It may have been in the small print. If it was, I missed it. When I signed on to be a parent no one told me how hard it would be to let your children go when they grow up. So it was really hard to say goodbye to Stephen two years ago when he left for Melbourne to finish his studies. I remind myself that two years have passed and I have survived. In the meantime Stephen has finished his undergraduate work and an honours year and is now back for holidays.
But now it is time to say goodbye to Andrew. He has returned to KL to do his pre-university programme. (I am based in Singapore.) I remind myself that he is only 360 km away and that I will see him at least once a month since I am back in KL at least once a month for ministry. And there’s the phone and the internet … but I know its not the geography. I am not just releasing Andrew to KL. I am releasing him to another chapter of his life.
Frederick Buechner speaks for many of us when he describes how he felt when he said good bye to two of his daughters when they were leaving for boarding school. The boarding school was in Massachusetts and the Buechners were living in Vermont.
What I did not see was that even though they were only a couple of hours away, and even though there would be years of weekends and vacations for us to get together whenever we felt like it, there was a sense in which, when we kissed them good-bye that September afternoon, we were kissing them good-bye for keeps. From that day onward, Vermont would never be home for them again in the way it had been. It would be a place to go for weekends and vacations. From that day forward, home, for them, was theirs to find wherever in themselves or in the world they ever happened to find it, if they were lucky to find it at all. Two of the four most precious people in my life had left for good, and I had been looking the other way at the time. Life went on, of course, and I managed to get around much as before, but there were times when it felt like trying to get around on broken legs, and there are times when it feels that way still. (Now and Then, San Francisco: HarperCollins, 1983, 102)
I suspect there is a special dimension in the love of a father for his daughters, a dimension I have not experienced since I have four sons and no daughters. But I understand Buechner when he describes the grief of releasing one’s children to the next phase of their lives.
The children themselves will not fully understand this. Stephen and Andrew know dad misses them but they have their hands full coping with their new life tasks as they journey into post-secondary education, university, and beyond. They will probably never fully understand the pain of letting go until a time when they have to let go of their own children.
It is only now that I understand the price my parents paid when they allowed me to leave Penang to pursue my university education in Singapore. But I think the four years I was in Vancouver for my theological studies must have been particularly hard on them. We came home only once in that four-year period because we had limited funds. And this was an era before the internet made communication easy and affordable. We kept in touch through snail mail and the special treat of a long distance phone call a few times a year. Perhaps you can only really appreciate your parents when you become one yourself.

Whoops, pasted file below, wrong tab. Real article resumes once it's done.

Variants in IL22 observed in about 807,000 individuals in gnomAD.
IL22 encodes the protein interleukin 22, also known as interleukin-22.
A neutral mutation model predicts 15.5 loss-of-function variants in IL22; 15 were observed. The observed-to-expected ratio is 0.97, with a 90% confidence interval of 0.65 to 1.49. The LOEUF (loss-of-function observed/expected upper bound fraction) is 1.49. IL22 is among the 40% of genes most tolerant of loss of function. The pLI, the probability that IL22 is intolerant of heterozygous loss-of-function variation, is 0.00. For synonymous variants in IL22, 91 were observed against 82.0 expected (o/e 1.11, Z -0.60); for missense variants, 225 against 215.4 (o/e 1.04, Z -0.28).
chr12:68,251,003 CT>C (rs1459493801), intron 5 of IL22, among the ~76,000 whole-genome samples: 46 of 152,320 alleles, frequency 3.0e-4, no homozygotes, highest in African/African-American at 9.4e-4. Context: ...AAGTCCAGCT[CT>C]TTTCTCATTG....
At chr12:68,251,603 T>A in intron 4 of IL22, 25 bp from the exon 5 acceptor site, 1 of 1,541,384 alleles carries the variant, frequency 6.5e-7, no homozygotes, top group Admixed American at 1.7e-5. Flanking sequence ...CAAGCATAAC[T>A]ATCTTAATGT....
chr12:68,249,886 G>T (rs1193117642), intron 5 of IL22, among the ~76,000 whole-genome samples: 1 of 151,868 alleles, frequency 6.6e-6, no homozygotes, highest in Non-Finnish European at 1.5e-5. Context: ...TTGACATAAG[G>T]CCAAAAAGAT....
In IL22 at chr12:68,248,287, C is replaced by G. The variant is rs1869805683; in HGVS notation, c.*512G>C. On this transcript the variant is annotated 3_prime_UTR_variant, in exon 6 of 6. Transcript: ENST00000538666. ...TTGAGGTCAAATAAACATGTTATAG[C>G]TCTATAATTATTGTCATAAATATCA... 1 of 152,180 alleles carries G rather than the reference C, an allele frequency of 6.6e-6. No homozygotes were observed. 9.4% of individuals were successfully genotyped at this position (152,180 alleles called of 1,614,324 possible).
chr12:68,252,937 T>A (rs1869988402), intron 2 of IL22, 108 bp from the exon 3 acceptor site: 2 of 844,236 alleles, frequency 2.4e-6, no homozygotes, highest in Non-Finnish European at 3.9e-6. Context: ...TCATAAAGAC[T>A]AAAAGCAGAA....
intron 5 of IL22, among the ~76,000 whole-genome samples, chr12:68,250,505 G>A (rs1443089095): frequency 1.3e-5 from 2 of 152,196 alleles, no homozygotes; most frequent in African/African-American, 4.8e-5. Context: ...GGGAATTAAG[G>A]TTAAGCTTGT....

And sooner or later, whether we like it or not, parents come to realise that we do not own our children. We are only stewards of these lives which have been entrusted to us by the Lord.
Children are gifts from God to us, gifts which we never “own” but of which we are stewards, in a way so deeply understood by Hannah in the Old Testament (1 Sam 1:28)… Stanley Hauerwas suggests that a child is always in this sense adopted since the child belongs to the parents in a provisional and limited way …(R. Paul Stevens, “Parenting,” The Complete Book of Everyday Christianity, Downers Grove: InterVarsity Press, 1997, 733.)
Therefore, Stevens goes on to remind us that:
In one sense parents are continuously preparing their children “to leave home” from the very first months, and the failure to do this (assuming healthy initial attachments) leads to enmeshed families where the children cannot “leave father and mother”(Gen 2:24) even when they marry, and the parents are unable to “let go.” In their covenant ministry parents encourage belonging and differentiation at the same time, giving them both roots and wings. (Stevens, “Parenting,” 735-736).
So, by the grace of God, I want to see my children rooted in God and His Word. But I also want them to be all that they can be, flying to their full potential. And that means that there will come a time when I have to release them. But I am also beginning to discover that, if by God’s grace, your children grow up well, you connect with them again at a different level, in a different type of relationship, one that has its own set of joys and challenges. That is a story for another day.